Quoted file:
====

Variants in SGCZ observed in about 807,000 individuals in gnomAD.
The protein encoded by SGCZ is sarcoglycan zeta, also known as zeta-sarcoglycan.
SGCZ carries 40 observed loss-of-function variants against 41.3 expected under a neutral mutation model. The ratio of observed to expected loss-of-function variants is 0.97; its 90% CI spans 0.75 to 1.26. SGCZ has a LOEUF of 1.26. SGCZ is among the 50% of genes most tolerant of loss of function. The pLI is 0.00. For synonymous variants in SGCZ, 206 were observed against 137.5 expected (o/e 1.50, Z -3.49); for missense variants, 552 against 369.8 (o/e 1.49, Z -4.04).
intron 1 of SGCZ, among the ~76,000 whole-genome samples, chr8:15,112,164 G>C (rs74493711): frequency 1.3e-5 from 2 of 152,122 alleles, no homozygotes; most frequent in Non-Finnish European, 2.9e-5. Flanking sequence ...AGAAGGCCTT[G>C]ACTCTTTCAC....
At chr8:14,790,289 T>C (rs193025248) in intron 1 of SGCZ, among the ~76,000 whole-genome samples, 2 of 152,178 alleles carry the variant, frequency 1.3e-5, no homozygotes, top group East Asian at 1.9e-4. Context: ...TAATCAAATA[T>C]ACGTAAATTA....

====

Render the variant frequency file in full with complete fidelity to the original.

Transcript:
Variants in SGCZ observed in about 807,000 individuals in gnomAD.
The protein encoded by SGCZ is sarcoglycan zeta, also known as zeta-sarcoglycan.
SGCZ carries 40 observed loss-of-function variants against 41.3 expected under a neutral mutation model. The ratio of observed to expected loss-of-function variants is 0.97; its 90% CI spans 0.75 to 1.26. SGCZ has a LOEUF of 1.26. SGCZ is among the 50% of genes most tolerant of loss of function. The pLI is 0.00. For synonymous variants in SGCZ, 206 were observed against 137.5 expected (o/e 1.50, Z -3.49); for missense variants, 552 against 369.8 (o/e 1.49, Z -4.04).
intron 1 of SGCZ, among the ~76,000 whole-genome samples, chr8:15,112,164 G>C (rs74493711): frequency 1.3e-5 from 2 of 152,122 alleles, no homozygotes; most frequent in Non-Finnish European, 2.9e-5. Flanking sequence ...AGAAGGCCTT[G>C]ACTCTTTCAC....
At chr8:14,790,289 T>C (rs193025248) in intron 1 of SGCZ, among the ~76,000 whole-genome samples, 2 of 152,178 alleles carry the variant, frequency 1.3e-5, no homozygotes, top group East Asian at 1.9e-4. Context: ...TAATCAAATA[T>C]ACGTAAATTA....